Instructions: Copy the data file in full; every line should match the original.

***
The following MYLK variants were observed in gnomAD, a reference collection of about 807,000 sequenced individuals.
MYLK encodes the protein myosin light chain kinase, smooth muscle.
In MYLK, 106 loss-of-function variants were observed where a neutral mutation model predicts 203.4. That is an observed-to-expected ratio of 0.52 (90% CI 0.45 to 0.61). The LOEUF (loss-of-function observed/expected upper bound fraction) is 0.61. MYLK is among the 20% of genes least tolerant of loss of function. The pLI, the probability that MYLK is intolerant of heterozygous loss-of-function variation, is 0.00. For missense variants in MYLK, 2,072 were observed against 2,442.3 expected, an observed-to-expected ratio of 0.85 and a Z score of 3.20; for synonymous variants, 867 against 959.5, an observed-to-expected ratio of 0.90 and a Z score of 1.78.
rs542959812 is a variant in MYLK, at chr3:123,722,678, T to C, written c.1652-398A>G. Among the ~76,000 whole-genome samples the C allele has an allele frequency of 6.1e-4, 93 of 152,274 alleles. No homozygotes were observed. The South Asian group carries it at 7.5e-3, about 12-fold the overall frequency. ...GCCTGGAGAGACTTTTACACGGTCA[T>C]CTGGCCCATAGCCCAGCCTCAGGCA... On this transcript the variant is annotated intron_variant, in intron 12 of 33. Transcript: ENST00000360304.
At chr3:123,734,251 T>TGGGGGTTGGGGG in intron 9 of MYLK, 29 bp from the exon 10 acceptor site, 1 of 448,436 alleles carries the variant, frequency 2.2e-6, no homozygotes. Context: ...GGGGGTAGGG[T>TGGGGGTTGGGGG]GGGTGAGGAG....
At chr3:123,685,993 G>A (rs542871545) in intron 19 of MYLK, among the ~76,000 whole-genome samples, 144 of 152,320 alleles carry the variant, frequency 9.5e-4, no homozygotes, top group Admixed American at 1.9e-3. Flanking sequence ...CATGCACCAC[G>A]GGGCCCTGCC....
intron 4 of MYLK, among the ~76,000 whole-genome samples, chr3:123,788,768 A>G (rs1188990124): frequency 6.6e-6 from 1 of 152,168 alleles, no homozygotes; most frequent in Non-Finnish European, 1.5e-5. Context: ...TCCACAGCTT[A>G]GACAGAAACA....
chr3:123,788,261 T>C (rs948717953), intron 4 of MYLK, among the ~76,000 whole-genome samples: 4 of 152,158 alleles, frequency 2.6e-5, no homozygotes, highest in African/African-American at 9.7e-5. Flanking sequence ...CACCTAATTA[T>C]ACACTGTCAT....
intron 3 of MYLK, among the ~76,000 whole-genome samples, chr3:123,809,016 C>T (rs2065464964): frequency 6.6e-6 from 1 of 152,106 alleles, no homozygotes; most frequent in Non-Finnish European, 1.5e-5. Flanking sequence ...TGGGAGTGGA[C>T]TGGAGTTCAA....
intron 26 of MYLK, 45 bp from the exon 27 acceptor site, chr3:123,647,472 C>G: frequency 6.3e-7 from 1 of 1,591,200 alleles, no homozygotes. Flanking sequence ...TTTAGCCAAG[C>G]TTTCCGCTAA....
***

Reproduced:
The following MYLK variants were observed in gnomAD, a reference collection of about 807,000 sequenced individuals.
MYLK encodes the protein myosin light chain kinase, smooth muscle.
In MYLK, 106 loss-of-function variants were observed where a neutral mutation model predicts 203.4. That is an observed-to-expected ratio of 0.52 (90% CI 0.45 to 0.61). The LOEUF (loss-of-function observed/expected upper bound fraction) is 0.61. MYLK is among the 20% of genes least tolerant of loss of function. The pLI, the probability that MYLK is intolerant of heterozygous loss-of-function variation, is 0.00. For missense variants in MYLK, 2,072 were observed against 2,442.3 expected, an observed-to-expected ratio of 0.85 and a Z score of 3.20; for synonymous variants, 867 against 959.5, an observed-to-expected ratio of 0.90 and a Z score of 1.78.
rs542959812 is a variant in MYLK, at chr3:123,722,678, T to C, written c.1652-398A>G. Among the ~76,000 whole-genome samples the C allele has an allele frequency of 6.1e-4, 93 of 152,274 alleles. No homozygotes were observed. The South Asian group carries it at 7.5e-3, about 12-fold the overall frequency. ...GCCTGGAGAGACTTTTACACGGTCA[T>C]CTGGCCCATAGCCCAGCCTCAGGCA... On this transcript the variant is annotated intron_variant, in intron 12 of 33. Transcript: ENST00000360304.
At chr3:123,734,251 T>TGGGGGTTGGGGG in intron 9 of MYLK, 29 bp from the exon 10 acceptor site, 1 of 448,436 alleles carries the variant, frequency 2.2e-6, no homozygotes. Context: ...GGGGGTAGGG[T>TGGGGGTTGGGGG]GGGTGAGGAG....
At chr3:123,685,993 G>A (rs542871545) in intron 19 of MYLK, among the ~76,000 whole-genome samples, 144 of 152,320 alleles carry the variant, frequency 9.5e-4, no homozygotes, top group Admixed American at 1.9e-3. Flanking sequence ...CATGCACCAC[G>A]GGGCCCTGCC....
intron 4 of MYLK, among the ~76,000 whole-genome samples, chr3:123,788,768 A>G (rs1188990124): frequency 6.6e-6 from 1 of 152,168 alleles, no homozygotes; most frequent in Non-Finnish European, 1.5e-5. Context: ...TCCACAGCTT[A>G]GACAGAAACA....
chr3:123,788,261 T>C (rs948717953), intron 4 of MYLK, among the ~76,000 whole-genome samples: 4 of 152,158 alleles, frequency 2.6e-5, no homozygotes, highest in African/African-American at 9.7e-5. Flanking sequence ...CACCTAATTA[T>C]ACACTGTCAT....
intron 3 of MYLK, among the ~76,000 whole-genome samples, chr3:123,809,016 C>T (rs2065464964): frequency 6.6e-6 from 1 of 152,106 alleles, no homozygotes; most frequent in Non-Finnish European, 1.5e-5. Flanking sequence ...TGGGAGTGGA[C>T]TGGAGTTCAA....
intron 26 of MYLK, 45 bp from the exon 27 acceptor site, chr3:123,647,472 C>G: frequency 6.3e-7 from 1 of 1,591,200 alleles, no homozygotes. Flanking sequence ...TTTAGCCAAG[C>G]TTTCCGCTAA....